Herbia Spinach: I never knew I liked spinach so much until I learned how hard it was to find spinach regularly in Georgia. Herbia has changed that with greenhouse-grown packaged spinach regularly available at your local grocery store. Always fresh and clean and delicious, I have been happily eating spinach nearly once a week now. (Smitten Kitchen’s recipe for spinach and chickpeas is a favorite!)

Kakhelebi bread: This restaurant gets frequent reviews as one of the best places to try farm-fresh innovative Georgian food. Those reviews are well-deserved. What I don’t understand is why it took so long for anyone to tell me they also have a bakery! Multiple kinds of delicious, freshly baked artisan breads are available. Don’t get me wrong; I love Georgian tonis puri, but it usually isn’t a good shape for slicing for toast or sandwiches. Kakhelebi’s bread solves this problem! It’s also a good distance from my house for a morning walk. Beware, they close unusually early for a Tbilisi restaurant.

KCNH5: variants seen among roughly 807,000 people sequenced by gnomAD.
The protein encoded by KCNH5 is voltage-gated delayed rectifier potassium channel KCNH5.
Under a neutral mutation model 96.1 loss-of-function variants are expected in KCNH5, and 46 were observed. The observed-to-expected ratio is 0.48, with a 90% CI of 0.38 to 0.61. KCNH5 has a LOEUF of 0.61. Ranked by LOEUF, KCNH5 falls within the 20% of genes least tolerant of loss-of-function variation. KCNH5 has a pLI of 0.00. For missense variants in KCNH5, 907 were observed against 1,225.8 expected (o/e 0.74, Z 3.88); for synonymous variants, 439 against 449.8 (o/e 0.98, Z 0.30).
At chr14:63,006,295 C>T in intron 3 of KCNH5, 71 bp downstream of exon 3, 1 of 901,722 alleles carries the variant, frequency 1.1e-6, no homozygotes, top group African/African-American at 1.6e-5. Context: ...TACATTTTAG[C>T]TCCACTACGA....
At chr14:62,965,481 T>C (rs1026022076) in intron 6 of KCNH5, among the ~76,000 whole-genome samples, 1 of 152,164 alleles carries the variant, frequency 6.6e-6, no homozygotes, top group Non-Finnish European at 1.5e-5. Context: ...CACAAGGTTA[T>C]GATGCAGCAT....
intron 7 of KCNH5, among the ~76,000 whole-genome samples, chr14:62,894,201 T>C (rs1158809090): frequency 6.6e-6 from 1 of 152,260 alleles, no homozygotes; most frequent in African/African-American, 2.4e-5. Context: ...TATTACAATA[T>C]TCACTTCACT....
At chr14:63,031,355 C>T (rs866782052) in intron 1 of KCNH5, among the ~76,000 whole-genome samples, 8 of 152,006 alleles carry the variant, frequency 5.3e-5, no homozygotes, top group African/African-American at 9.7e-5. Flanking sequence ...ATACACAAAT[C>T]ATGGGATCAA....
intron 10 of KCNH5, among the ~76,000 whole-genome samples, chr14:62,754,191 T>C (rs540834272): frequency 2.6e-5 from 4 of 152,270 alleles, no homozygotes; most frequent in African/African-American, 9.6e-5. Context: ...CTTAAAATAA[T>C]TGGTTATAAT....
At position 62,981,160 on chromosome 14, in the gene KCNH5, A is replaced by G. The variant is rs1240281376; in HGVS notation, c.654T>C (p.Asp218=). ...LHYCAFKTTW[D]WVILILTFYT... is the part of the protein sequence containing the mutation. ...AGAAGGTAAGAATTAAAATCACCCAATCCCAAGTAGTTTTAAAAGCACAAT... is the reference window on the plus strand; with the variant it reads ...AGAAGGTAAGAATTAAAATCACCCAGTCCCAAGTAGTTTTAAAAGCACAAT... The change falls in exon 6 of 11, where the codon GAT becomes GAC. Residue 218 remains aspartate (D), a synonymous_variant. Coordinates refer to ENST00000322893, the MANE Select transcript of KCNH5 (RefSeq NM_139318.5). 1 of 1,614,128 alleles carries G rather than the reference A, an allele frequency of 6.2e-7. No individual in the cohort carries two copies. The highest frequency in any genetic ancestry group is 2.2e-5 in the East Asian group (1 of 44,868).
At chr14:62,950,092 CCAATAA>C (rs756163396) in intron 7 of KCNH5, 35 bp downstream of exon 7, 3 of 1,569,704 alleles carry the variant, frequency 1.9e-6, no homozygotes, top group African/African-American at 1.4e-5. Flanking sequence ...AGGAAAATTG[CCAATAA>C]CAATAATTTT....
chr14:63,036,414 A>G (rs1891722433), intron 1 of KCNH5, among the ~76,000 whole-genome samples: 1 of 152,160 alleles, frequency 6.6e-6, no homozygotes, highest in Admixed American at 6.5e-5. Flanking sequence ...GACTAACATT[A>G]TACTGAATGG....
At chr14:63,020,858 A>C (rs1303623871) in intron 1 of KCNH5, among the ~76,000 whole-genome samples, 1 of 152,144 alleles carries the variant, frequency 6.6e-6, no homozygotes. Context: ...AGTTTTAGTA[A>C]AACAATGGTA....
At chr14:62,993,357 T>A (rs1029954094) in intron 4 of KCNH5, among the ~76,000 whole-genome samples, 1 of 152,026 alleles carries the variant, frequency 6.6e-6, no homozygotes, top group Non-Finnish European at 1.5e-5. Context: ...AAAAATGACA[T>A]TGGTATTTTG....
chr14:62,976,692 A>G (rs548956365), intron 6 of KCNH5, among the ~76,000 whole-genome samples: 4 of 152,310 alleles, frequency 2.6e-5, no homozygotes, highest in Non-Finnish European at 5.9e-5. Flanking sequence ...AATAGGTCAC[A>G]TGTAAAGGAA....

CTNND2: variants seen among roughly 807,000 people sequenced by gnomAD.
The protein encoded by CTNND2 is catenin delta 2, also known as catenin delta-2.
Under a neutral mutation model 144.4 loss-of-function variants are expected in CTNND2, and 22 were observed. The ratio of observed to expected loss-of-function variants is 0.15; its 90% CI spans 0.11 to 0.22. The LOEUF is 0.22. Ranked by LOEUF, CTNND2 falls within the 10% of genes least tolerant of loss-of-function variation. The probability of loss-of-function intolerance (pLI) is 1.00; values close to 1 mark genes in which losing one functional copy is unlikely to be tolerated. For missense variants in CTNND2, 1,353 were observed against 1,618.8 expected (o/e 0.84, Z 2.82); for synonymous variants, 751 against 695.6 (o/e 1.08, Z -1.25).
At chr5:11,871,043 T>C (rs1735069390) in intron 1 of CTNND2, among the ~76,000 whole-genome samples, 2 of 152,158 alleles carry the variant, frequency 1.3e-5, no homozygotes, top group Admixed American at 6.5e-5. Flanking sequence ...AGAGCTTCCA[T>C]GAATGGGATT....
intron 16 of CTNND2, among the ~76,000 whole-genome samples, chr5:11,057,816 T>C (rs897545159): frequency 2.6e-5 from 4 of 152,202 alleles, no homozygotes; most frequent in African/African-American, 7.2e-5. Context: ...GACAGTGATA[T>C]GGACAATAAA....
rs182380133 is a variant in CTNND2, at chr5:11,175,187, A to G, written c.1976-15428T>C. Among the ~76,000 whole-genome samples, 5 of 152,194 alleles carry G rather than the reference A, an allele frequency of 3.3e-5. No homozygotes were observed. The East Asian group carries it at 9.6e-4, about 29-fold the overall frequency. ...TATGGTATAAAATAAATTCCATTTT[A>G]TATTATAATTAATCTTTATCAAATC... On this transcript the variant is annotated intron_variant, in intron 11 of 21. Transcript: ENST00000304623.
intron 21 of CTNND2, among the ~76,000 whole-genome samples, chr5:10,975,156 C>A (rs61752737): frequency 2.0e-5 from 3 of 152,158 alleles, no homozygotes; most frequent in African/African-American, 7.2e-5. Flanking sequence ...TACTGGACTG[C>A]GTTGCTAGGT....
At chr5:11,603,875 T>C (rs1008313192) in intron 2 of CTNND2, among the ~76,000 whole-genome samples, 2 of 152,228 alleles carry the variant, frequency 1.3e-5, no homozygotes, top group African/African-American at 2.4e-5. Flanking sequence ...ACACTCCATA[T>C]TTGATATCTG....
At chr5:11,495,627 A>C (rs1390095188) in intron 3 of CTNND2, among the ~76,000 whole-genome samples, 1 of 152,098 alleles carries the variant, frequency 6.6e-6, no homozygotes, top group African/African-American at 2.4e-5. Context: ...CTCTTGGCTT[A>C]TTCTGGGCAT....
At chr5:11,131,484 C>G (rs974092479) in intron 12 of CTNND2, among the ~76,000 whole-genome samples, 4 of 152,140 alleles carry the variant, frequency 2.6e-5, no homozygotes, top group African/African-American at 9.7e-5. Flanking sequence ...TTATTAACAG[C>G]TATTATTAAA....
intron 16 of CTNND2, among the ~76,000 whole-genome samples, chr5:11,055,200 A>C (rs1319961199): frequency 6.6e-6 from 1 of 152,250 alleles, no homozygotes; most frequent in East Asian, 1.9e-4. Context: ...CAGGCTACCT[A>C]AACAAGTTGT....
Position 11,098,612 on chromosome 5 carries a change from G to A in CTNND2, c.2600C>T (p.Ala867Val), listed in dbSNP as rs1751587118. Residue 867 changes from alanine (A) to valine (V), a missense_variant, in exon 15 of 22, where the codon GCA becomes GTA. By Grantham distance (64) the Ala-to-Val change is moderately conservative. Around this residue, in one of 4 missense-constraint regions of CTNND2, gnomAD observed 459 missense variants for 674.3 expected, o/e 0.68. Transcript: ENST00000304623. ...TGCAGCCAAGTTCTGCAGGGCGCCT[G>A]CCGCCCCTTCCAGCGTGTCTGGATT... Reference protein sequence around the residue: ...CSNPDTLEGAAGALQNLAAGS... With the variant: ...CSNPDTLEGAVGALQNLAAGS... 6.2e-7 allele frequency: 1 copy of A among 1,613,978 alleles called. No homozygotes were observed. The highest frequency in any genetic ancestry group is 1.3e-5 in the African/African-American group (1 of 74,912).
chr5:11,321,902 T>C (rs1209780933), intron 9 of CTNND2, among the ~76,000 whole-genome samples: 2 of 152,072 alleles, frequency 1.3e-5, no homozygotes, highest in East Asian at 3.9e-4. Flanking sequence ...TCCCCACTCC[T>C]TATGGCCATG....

Nutella Khachapuri at Sakhachapure N1 : I can’t believe it took someone so long to invent this! It’s the perfect comfort dessert; an adjaruli bread boat made of puff pastry, filled with a load of nutella and topped with some fruit. The perfect indulgent dessert!


If you have any suggestions for something new and great in Georgia, let me know–I’ll try to check it out, and perhaps it will make a future favorites list.